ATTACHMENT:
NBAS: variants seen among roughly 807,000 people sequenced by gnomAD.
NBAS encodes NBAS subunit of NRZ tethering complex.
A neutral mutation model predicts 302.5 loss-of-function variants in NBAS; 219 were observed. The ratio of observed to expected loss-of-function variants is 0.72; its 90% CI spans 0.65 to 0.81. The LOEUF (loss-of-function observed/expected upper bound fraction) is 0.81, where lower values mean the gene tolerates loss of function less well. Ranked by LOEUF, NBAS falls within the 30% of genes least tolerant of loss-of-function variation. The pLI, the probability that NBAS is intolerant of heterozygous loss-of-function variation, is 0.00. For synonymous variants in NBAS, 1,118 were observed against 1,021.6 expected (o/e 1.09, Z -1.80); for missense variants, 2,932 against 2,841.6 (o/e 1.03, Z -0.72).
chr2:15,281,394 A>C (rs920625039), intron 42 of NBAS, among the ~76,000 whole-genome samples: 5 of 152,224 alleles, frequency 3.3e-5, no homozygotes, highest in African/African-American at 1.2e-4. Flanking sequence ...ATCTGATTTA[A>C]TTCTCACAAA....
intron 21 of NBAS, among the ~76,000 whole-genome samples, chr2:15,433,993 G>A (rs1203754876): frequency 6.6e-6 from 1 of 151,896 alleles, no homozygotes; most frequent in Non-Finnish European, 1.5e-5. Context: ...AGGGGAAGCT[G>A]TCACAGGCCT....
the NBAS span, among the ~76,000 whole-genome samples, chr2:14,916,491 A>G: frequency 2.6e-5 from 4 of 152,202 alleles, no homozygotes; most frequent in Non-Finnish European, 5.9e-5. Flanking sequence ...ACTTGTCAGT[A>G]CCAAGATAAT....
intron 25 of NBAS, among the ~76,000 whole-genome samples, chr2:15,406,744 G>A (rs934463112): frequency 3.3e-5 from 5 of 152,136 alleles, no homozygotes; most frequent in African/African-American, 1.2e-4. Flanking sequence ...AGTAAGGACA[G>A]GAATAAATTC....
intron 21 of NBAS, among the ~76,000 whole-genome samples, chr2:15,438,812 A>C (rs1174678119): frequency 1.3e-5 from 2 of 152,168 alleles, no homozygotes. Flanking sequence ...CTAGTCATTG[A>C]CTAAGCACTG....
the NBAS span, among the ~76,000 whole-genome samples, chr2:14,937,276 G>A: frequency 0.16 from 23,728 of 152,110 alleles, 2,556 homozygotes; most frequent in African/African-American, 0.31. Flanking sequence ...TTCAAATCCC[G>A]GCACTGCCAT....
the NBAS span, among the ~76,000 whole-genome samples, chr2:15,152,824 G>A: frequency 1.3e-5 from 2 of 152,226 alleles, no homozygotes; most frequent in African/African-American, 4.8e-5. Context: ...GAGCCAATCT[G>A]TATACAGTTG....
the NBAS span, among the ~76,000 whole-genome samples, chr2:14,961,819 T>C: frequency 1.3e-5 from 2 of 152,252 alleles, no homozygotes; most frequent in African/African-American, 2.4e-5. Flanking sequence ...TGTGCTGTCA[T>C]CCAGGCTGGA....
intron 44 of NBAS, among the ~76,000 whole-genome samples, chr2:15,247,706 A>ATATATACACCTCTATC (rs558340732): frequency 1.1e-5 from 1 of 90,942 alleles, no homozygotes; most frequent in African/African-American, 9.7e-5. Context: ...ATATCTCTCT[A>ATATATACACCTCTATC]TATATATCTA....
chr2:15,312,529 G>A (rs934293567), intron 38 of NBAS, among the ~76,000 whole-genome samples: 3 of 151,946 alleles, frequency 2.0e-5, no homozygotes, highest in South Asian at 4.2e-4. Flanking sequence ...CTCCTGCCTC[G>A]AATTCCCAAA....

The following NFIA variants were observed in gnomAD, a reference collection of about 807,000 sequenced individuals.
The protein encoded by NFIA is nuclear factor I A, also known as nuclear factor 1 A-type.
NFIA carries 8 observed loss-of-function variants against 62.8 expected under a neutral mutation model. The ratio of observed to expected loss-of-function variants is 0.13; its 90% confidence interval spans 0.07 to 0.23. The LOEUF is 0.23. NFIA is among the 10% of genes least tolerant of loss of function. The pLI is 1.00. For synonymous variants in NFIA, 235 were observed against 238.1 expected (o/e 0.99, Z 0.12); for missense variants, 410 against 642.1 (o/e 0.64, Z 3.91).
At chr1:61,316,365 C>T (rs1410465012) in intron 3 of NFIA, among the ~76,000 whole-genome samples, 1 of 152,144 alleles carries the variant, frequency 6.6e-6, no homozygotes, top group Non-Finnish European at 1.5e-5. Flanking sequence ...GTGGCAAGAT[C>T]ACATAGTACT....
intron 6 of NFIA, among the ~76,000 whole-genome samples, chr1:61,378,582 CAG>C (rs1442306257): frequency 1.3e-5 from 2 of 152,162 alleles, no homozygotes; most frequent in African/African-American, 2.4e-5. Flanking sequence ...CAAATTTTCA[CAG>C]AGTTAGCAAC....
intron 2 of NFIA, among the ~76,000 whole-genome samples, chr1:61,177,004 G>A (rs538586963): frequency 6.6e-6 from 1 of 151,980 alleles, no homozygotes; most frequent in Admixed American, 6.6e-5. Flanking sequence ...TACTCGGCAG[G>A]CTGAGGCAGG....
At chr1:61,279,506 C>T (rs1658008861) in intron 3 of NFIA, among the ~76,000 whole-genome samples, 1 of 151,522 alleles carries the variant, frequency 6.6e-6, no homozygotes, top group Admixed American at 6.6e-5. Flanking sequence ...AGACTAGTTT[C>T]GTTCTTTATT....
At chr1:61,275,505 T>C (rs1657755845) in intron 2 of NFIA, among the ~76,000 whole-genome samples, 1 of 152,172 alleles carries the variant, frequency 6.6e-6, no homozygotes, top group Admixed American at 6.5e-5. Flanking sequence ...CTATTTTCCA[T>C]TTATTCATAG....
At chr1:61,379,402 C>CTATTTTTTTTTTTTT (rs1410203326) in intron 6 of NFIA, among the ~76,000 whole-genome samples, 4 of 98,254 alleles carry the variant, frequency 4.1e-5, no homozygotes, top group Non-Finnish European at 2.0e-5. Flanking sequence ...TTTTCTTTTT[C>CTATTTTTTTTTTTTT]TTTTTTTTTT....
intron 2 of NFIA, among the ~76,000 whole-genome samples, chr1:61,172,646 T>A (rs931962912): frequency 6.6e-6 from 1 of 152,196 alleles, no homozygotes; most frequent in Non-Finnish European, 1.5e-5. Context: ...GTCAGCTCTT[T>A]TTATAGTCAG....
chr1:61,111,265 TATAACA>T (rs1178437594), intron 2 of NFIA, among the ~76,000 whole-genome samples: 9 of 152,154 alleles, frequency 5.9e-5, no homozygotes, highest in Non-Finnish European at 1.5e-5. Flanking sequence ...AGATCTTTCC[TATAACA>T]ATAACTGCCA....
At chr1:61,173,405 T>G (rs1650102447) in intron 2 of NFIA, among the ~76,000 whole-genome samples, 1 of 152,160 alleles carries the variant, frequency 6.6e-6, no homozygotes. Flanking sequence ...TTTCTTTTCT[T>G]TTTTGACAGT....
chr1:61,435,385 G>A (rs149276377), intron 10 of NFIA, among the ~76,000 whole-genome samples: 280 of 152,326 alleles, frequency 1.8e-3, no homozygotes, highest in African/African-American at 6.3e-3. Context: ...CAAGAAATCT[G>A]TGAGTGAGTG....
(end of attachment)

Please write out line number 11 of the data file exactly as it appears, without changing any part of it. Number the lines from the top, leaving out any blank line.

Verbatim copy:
the NBAS span, among the ~76,000 whole-genome samples, chr2:14,961,819 T>C: frequency 1.3e-5 from 2 of 152,252 alleles, no homozygotes; most frequent in African/African-American, 2.4e-5. Flanking sequence ...TGTGCTGTCA[T>C]CCAGGCTGGA....